So this fact that people might not understand that if they are frightening a horse, it's the same as frightening a dog. You just do what the owner askes with the dog, but why do you need to claim your territory arrogantly hold your ground when it comes to a horse? The Activists who want to Ban Carriages might make this as their point exactly. THis is one great reason we need to get rid of horses. They are outmoded. The city doesn't get how they are, so therefor, for the salvation of the horses, we need to remove them permanantly form the city. Does this at all sound like blaming the woman for wearing too provocative of clothing and therefor deserved to be raped?
Can I just say, that when I was growing up in Lancaster County, PA, I remember a public conciousness raising effort that was intended to make all local drivers be aware of and honor the Amish buggies, their needs on the road. All the Amish were asking, was for the cars to slow down a little when passing, like 35-40 mph was fine. Because there had been a rash of buggy accidents that were not freak unavoidable surprises, but more of just motorists who somehow believed that if someone had the audacity to go so slow, they deserved to feel what it's like to get blown off the road by the new form of transportation, especially hot rod muscle cars, that make big noise. This was the Seventies. And the Amish agreed to put the flourescent triangles on their buggys, a clear infraction to their religious belief, but they did it. And we had to learn what the triangle meant. And we had to learn to have respect. And it worked. Except for the tourists who might just ignorantly buzz a buggy, good thing NY state plates are required on the front so the Amish can brace for a potential fly by, nobody who lives in Lancaster County now feels like a wimp if they slow down for a buggy.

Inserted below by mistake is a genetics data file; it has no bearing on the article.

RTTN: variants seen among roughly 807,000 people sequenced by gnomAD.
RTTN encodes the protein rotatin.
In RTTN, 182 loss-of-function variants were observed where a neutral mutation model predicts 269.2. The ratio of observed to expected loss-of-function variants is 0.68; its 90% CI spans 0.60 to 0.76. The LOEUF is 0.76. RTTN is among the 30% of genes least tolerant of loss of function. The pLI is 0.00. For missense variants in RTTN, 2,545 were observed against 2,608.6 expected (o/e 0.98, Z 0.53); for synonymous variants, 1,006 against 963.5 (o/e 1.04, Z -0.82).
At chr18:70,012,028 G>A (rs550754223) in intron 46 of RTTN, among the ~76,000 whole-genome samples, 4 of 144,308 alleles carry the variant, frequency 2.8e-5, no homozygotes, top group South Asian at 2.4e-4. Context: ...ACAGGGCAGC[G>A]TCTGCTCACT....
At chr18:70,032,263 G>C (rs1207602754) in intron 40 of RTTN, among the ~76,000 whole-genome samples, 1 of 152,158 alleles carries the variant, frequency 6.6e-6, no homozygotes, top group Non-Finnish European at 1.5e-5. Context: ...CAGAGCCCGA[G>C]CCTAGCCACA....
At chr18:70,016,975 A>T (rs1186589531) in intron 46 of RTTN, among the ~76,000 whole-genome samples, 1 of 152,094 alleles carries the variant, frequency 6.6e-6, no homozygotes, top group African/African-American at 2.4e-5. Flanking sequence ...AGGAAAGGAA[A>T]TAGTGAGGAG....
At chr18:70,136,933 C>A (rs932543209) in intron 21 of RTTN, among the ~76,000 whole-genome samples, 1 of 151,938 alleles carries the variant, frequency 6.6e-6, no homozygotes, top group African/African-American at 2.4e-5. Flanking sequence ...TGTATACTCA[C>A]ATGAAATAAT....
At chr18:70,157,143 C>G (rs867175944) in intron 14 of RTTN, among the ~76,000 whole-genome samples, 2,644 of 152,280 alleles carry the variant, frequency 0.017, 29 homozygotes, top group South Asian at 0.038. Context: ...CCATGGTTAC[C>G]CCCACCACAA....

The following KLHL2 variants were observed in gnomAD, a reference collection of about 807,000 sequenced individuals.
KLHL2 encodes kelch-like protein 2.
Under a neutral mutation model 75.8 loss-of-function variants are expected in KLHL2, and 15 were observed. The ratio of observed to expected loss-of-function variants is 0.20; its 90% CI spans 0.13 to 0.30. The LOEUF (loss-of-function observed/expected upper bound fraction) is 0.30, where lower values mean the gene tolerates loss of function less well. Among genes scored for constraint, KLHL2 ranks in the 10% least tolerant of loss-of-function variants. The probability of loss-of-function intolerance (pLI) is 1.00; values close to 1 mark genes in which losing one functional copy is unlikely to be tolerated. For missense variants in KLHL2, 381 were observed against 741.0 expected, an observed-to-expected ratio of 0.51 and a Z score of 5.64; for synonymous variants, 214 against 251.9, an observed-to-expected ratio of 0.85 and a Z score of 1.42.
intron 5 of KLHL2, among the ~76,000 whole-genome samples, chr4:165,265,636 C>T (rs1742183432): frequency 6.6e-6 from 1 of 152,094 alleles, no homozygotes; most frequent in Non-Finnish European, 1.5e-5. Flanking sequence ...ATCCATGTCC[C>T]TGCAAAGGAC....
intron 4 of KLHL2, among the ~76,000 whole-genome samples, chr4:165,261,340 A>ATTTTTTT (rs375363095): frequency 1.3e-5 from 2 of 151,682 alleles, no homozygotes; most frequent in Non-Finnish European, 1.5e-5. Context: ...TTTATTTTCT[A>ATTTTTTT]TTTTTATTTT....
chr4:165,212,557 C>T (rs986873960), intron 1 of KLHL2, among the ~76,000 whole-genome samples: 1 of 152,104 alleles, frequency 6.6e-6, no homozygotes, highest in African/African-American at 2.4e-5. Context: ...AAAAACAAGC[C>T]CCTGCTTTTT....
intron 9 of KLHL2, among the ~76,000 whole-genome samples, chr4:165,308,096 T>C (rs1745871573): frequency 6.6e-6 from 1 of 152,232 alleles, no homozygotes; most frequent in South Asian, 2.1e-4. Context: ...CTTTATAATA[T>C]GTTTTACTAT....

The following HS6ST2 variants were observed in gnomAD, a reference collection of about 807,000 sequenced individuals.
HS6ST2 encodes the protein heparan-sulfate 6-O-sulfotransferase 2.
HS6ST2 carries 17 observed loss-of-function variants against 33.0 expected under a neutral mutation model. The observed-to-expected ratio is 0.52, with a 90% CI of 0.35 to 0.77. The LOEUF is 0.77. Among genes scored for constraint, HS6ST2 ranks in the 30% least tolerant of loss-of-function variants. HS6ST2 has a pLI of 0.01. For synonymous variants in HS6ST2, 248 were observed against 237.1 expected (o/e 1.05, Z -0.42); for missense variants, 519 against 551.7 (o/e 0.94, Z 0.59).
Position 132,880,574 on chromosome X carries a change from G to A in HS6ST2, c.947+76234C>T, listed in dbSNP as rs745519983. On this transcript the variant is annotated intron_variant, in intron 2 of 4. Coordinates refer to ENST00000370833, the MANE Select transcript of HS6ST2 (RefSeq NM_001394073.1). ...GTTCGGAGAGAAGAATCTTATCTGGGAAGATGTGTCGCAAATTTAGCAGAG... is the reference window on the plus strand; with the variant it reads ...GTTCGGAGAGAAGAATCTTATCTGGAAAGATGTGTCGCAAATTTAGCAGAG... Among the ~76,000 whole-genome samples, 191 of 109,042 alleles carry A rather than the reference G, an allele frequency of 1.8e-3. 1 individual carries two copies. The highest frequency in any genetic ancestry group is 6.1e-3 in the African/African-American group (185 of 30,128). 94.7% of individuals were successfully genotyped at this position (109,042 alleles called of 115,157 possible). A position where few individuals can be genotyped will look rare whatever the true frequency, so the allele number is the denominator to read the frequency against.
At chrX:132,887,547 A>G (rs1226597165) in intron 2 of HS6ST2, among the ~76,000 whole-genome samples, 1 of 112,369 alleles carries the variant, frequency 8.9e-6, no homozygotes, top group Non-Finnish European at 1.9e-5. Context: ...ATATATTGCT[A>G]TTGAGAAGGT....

So my personal wish, is for all that energy being channeled into blaming the victim, the Carriage horses, for those that believe the horses should be permanantly removed from the presence of those who cannot be counted on to have manners, that instead we channel that energy into a small public awareness campaign of how to just be around and near horses. It's just not all that hard, and we only need a few simple rules. It's not even near the cost of permanantly retiring 200 horses and putting an entire industry out of existance, or patronizingly suggesting that we can provide other employment training for the carriage drivers, after spending their entire lives perfecting the art and science of horsemanship, go ahead and just be happy working on a computer. Oh sorry, OK take that back, be happy to drive an electric antique car, which will take you about an an hour to learn, fifteen minutes? As opposed to the complex and ongoing miraculous partnership with another species you have so well perfected and for which you have made an economic career sacrifice to keep this practice alive, with your horses, as part of a guild of mentorship passed down through generations. Like patronizingly suggesting that the Amish just get a car for *&^#$ sake, to get over themselves. It would be easier if the Amish would just get cars. Yes it would.